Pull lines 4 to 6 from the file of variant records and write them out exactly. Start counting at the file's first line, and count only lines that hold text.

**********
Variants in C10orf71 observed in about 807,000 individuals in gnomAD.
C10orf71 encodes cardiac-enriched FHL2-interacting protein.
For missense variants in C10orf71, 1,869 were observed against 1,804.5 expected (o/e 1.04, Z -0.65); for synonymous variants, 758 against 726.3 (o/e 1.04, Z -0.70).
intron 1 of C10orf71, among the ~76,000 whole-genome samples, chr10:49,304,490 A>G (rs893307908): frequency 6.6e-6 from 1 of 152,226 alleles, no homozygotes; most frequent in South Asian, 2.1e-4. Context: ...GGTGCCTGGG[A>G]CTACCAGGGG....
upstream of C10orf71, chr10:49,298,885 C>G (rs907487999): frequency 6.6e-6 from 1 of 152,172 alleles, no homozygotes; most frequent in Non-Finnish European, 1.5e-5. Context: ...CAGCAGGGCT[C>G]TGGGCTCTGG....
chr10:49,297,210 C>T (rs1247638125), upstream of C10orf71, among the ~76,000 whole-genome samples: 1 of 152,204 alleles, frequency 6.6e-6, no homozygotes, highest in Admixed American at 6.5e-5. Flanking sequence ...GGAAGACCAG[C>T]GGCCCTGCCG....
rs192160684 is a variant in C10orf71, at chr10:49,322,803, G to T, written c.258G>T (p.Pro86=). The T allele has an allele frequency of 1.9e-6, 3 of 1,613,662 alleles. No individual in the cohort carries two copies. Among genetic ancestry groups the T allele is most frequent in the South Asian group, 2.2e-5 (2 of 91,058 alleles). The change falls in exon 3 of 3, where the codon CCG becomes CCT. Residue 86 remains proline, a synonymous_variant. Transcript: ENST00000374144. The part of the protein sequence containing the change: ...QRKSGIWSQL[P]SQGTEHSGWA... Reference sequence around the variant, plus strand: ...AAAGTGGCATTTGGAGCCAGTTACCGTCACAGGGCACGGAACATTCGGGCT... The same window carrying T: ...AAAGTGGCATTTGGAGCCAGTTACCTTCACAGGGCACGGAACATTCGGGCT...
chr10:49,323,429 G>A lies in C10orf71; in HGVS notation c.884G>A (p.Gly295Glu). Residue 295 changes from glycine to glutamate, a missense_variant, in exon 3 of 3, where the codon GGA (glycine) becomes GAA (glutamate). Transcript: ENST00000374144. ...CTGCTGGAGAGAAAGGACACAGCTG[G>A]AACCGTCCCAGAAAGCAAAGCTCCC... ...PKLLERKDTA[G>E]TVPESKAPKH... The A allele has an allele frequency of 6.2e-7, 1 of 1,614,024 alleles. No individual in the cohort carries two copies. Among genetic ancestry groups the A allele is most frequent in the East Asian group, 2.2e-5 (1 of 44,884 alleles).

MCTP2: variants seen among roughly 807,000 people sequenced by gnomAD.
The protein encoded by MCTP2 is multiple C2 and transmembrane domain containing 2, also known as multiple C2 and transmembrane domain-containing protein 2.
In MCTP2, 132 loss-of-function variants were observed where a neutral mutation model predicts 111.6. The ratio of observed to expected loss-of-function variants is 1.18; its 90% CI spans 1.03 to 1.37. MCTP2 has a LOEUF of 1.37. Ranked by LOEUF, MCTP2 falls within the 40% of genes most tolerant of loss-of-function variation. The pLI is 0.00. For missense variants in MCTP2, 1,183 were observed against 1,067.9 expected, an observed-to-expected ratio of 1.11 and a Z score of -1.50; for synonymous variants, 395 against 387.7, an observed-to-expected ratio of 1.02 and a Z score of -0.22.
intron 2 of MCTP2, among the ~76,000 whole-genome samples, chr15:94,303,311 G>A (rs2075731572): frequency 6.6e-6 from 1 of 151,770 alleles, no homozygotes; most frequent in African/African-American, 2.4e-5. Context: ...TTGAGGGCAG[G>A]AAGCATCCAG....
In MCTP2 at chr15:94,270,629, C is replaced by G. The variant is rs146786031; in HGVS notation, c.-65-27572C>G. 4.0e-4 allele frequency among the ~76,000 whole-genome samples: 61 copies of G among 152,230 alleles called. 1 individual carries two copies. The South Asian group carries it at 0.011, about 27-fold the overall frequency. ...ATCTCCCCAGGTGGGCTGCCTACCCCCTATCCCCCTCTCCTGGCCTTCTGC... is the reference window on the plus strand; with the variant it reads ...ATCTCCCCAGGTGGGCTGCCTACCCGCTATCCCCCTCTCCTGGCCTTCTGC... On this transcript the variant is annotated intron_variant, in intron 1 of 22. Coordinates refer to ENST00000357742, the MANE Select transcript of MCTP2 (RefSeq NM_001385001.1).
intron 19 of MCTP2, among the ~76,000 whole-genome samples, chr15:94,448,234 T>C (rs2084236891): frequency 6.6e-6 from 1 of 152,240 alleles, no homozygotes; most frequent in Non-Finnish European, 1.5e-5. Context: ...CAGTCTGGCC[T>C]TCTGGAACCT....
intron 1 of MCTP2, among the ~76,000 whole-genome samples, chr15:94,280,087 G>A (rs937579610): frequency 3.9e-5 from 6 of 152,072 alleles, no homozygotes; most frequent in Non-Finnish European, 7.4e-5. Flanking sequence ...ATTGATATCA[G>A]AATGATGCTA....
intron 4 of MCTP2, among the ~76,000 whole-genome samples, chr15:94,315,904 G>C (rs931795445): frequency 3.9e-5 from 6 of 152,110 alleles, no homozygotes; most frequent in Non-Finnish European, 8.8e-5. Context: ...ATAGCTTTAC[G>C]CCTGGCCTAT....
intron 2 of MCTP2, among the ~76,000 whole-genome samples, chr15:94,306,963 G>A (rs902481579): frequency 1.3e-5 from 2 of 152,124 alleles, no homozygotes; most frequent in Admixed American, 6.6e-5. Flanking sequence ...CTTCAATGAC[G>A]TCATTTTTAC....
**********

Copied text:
intron 1 of C10orf71, among the ~76,000 whole-genome samples, chr10:49,304,490 A>G (rs893307908): frequency 6.6e-6 from 1 of 152,226 alleles, no homozygotes; most frequent in South Asian, 2.1e-4. Context: ...GGTGCCTGGG[A>G]CTACCAGGGG....
upstream of C10orf71, chr10:49,298,885 C>G (rs907487999): frequency 6.6e-6 from 1 of 152,172 alleles, no homozygotes; most frequent in Non-Finnish European, 1.5e-5. Context: ...CAGCAGGGCT[C>G]TGGGCTCTGG....
chr10:49,297,210 C>T (rs1247638125), upstream of C10orf71, among the ~76,000 whole-genome samples: 1 of 152,204 alleles, frequency 6.6e-6, no homozygotes, highest in Admixed American at 6.5e-5. Flanking sequence ...GGAAGACCAG[C>T]GGCCCTGCCG....